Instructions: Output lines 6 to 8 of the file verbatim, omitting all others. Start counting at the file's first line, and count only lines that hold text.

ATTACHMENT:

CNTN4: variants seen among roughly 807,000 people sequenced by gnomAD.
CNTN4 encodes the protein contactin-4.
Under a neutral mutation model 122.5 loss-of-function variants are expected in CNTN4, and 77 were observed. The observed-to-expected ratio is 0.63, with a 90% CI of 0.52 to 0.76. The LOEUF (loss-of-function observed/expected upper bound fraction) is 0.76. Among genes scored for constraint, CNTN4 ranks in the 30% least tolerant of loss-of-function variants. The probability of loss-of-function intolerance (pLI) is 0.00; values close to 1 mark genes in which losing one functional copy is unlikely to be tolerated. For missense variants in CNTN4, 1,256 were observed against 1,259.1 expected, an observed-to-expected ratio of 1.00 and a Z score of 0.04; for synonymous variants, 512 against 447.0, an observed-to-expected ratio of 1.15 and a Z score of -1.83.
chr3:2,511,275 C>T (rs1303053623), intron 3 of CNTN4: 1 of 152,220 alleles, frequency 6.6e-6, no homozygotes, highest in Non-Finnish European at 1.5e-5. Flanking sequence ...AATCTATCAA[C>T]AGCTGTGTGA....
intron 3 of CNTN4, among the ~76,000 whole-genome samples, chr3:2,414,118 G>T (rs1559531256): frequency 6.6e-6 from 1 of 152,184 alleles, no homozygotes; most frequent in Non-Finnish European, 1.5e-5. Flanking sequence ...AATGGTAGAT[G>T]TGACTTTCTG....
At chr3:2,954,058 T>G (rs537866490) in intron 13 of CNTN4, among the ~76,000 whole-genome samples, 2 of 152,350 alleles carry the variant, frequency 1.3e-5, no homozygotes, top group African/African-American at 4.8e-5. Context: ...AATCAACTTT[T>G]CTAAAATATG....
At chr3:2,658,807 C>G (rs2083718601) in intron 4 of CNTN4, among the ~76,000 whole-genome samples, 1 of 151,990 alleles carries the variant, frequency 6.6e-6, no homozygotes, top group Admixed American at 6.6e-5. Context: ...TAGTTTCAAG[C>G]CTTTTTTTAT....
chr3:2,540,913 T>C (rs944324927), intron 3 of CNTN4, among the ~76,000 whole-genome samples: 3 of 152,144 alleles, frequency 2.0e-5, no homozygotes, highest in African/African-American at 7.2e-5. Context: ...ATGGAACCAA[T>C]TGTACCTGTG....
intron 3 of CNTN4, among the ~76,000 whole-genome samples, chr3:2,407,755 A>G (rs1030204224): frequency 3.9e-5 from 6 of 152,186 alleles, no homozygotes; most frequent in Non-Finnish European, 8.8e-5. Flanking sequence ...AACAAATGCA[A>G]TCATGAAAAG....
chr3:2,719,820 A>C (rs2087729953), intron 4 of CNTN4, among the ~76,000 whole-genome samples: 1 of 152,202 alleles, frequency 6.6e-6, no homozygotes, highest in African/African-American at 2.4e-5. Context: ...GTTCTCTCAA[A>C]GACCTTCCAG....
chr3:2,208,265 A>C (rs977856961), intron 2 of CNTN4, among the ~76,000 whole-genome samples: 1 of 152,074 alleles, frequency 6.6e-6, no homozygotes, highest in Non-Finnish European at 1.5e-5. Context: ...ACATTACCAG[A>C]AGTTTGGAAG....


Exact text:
At chr3:2,954,058 T>G (rs537866490) in intron 13 of CNTN4, among the ~76,000 whole-genome samples, 2 of 152,350 alleles carry the variant, frequency 1.3e-5, no homozygotes, top group African/African-American at 4.8e-5. Context: ...AATCAACTTT[T>G]CTAAAATATG....
At chr3:2,658,807 C>G (rs2083718601) in intron 4 of CNTN4, among the ~76,000 whole-genome samples, 1 of 151,990 alleles carries the variant, frequency 6.6e-6, no homozygotes, top group Admixed American at 6.6e-5. Context: ...TAGTTTCAAG[C>G]CTTTTTTTAT....
chr3:2,540,913 T>C (rs944324927), intron 3 of CNTN4, among the ~76,000 whole-genome samples: 3 of 152,144 alleles, frequency 2.0e-5, no homozygotes, highest in African/African-American at 7.2e-5. Context: ...ATGGAACCAA[T>C]TGTACCTGTG....